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A Real Companion and Friend:
The diary of William Lyon Mackenzie King

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Behind the Diary

A King's Who's Who Biographies

Ernest Lapointe (1876-1941)

Ernest Lapointe

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Ernest Lapointe

Ernest Lapointe, a Quebec lawyer, was first elected to the House of Commons in 1904 and was re-elected in every federal election from then until his death in 1941. He was a dominant figure, representing Canada at a number of international events, including meetings of the League of Nations, several Imperial Conferences, and the Coronation of King George VI. He served in all of King's ministries during his lifetime, and was recognized as King's Quebec lieutenant and one of his most trusted advisers.

Ernest Lapointe was born on October 6, 1876, in Saint-Éloi, Quebec. He was educated at Rimouski College and Laval University, and obtained the following degrees: B.A., LL.B, LL.D. After winning the Laval University Prince of Wales Medal in 1895, he was called to the Bar in July 1898 and practised law in Rivière-du-Loup and Quebec City. Soon after, he was appointed Attorney for the City of Fraserville, then Crown Prosecutor for the District of Kamouraska. He was attracted to politics, where his public spirit, and dynamic oratorical skills served him well. In 1904, Lapointe was elected by acclamation to the House of Commons (Kamouraska) for the Liberal Party. He was re-elected in 1908 and in every federal general election thereafter until his death in 1941. In 1919, Lapointe resigned as M.P. for Kamouraska so that he could run for election in a federal by-election in Quebec East, the riding left vacant by the death of Sir Wilfrid Laurier.

Lapointe became a member of Mackenzie King's first Cabinet when the Liberals took office on December 29, 1921. He served as Minister of Marine and Fisheries (1921-1924) and Minister of Justice and Solicitor General (1924-1925). Lapointe shared King's vision of Canadian autonomy from Great Britain, and was soon recognized as King's Quebec Lieutenant and one of his most trusted advisors.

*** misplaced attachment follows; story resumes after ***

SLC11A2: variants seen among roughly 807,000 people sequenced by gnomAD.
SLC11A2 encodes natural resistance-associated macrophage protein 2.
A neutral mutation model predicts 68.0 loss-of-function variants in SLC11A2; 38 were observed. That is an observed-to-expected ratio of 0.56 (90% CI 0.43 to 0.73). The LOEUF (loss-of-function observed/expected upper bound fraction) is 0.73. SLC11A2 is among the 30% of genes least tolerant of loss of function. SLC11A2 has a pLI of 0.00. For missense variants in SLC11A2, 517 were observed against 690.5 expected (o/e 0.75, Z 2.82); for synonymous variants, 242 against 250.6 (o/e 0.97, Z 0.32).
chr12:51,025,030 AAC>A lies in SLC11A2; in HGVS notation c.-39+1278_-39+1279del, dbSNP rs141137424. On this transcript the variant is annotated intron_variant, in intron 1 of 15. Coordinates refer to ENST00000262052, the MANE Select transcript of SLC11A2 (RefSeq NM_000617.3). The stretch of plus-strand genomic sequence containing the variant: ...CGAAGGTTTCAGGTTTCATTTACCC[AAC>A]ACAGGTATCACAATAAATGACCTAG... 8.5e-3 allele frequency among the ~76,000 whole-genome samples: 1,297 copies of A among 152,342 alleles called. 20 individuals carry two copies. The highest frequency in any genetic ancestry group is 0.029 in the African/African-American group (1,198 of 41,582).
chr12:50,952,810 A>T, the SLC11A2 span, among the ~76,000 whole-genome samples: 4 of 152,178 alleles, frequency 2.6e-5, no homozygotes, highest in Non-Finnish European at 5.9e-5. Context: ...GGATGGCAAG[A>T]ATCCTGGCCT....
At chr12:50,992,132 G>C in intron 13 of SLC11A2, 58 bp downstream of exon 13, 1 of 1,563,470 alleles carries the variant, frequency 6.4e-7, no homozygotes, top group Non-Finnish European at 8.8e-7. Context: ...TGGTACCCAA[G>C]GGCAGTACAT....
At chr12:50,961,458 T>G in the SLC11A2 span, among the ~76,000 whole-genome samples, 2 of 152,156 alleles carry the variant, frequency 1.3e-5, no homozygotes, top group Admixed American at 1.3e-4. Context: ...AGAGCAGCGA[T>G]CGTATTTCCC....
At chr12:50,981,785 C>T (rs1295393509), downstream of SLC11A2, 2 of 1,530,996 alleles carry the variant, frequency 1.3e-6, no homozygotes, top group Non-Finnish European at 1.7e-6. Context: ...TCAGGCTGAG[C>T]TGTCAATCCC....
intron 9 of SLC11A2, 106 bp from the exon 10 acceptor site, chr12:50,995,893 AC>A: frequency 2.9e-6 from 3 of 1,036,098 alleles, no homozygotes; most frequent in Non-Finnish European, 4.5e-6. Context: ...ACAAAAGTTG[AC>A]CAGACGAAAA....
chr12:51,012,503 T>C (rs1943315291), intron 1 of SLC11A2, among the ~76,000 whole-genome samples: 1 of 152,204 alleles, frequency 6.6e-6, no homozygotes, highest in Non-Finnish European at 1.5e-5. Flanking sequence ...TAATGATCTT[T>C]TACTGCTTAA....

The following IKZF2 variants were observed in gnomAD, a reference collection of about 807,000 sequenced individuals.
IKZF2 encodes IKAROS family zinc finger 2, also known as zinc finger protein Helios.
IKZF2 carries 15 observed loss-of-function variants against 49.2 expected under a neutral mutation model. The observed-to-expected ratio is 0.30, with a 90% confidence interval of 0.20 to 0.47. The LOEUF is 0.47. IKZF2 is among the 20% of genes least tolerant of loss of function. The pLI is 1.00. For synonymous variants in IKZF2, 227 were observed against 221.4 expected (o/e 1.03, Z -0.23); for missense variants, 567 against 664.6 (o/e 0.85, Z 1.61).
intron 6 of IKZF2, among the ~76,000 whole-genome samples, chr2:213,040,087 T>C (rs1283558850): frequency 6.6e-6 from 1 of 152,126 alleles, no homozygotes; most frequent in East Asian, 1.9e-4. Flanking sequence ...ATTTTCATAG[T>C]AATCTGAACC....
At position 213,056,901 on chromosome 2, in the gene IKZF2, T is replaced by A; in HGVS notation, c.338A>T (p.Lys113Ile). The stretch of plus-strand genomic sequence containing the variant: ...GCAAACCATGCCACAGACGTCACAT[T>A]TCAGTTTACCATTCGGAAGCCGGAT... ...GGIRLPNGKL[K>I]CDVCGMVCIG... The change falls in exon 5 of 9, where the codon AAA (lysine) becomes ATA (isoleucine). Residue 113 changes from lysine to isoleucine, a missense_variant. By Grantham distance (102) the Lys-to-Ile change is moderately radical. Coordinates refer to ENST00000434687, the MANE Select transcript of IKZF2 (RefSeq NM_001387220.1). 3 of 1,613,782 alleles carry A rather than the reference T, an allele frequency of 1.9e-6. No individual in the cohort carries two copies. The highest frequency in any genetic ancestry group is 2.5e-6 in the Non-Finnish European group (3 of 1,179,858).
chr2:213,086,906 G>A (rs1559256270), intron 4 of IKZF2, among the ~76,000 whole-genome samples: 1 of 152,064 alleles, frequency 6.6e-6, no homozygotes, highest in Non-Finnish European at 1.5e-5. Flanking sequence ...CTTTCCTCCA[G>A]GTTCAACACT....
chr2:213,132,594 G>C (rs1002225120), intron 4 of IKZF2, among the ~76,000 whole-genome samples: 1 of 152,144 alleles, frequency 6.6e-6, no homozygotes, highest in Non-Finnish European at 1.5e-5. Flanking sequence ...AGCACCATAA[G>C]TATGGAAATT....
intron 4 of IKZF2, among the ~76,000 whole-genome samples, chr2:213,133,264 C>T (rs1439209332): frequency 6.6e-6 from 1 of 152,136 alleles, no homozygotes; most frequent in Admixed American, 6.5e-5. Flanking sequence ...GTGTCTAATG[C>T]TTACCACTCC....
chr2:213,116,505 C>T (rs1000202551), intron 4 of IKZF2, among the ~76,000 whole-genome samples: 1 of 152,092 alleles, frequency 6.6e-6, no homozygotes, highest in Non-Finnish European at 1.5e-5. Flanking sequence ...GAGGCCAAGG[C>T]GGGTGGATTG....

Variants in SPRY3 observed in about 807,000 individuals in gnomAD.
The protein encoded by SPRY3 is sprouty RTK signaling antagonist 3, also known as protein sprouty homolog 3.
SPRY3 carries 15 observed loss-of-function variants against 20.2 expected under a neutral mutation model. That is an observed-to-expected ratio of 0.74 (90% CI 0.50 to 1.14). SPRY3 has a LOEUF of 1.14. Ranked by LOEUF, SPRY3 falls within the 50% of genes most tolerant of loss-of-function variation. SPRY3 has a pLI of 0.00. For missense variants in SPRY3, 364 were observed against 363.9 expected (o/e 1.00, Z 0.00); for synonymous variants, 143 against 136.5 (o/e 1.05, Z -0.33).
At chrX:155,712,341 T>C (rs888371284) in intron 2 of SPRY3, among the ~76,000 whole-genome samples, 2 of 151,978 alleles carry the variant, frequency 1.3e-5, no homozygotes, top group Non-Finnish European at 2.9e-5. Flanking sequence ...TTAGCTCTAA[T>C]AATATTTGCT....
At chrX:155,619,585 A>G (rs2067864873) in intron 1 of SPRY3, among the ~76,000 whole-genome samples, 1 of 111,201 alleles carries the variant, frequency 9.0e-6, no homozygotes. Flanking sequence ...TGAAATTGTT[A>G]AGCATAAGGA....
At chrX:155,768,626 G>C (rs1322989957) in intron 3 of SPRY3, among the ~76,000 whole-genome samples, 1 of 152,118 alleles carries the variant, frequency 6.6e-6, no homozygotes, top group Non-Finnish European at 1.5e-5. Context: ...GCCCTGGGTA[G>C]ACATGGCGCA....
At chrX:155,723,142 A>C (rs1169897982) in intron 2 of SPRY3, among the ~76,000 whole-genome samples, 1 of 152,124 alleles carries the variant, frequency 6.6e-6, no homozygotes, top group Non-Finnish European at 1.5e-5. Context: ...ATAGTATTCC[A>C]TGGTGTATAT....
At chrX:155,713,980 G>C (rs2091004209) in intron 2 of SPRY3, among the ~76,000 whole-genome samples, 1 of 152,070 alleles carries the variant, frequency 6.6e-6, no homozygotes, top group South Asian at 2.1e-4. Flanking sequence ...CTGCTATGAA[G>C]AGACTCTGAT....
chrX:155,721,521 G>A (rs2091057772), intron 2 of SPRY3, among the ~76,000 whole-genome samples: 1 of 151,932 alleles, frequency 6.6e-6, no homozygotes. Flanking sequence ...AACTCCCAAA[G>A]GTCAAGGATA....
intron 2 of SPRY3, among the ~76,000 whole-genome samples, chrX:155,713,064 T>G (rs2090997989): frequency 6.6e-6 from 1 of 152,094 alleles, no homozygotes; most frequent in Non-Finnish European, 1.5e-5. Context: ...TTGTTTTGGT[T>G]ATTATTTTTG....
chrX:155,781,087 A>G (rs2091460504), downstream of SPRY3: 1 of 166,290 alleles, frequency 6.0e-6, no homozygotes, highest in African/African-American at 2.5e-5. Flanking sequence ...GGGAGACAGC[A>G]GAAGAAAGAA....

After the Liberals returned to power in 1926, Lapointe was appointed Minister of Justice and Attorney General (1926-1930) and Secretary of State (1926). He was again appointed Minister of Justice and Attorney General (1935-1941) when the Liberals won the 1935 federal general election. Lapointe was sworn to His Majesty's Privy Council (United Kingdom) in 1937, and served as Acting Secretary of State (1939-1940). In 1939, respect for Lapointe and his guarantee that the federal Liberal government would not conscript Canadians for overseas war service, helped garner French Canadian support for Canada's participation in the Second World War.

The first half of the twentieth century was pivotal in the development of Canada as an independent nation. Ernest Lapointe was a dominant figure in representing Canada during this period, as witnessed by his participation in the following international events: League of Nations (1922), Pacific Fisheries Treaty with the U.S. (1923), Imperial Conference (1926), Canberra, Australia Inauguration (1927), Naval Disarmament Conference (1927), Imperial Conference (1929), Vimy Memorial (1936), King George VI Coronation (1937), Imperial Conference (1937), and the League of Nations Assembly (1938).

In November 1941, Lapointe was diagnosed with an incurable illness and was confined to a bed in a Montreal hospital. King travelled by train to see him and recorded the following in his diary after one such visit: "He then turned to me and said we had been great associates, and reached out his hand toward mine. When he said that, I saw that he was becoming emotionally affected, I said to him no man ever had a truer friend. But for him, I would never have been P.M. nor would I have been able to hold the office as I had held it through the years. That there was never a deeper love between brothers than existed between us. That we had never had a difference all the years that we had been associated together, in thought and work alike. That I was grateful to him from the bottom of my heart." (Diary, November 19, 1941)

Lapointe passed away on November 26, 1941, after losing a short struggle with cancer. Even so, Quebec remained a federal Liberal stronghold for years after his death.

Library and Archives Canada holds the records of Ernest Lapointe (MG27-IIIB10).

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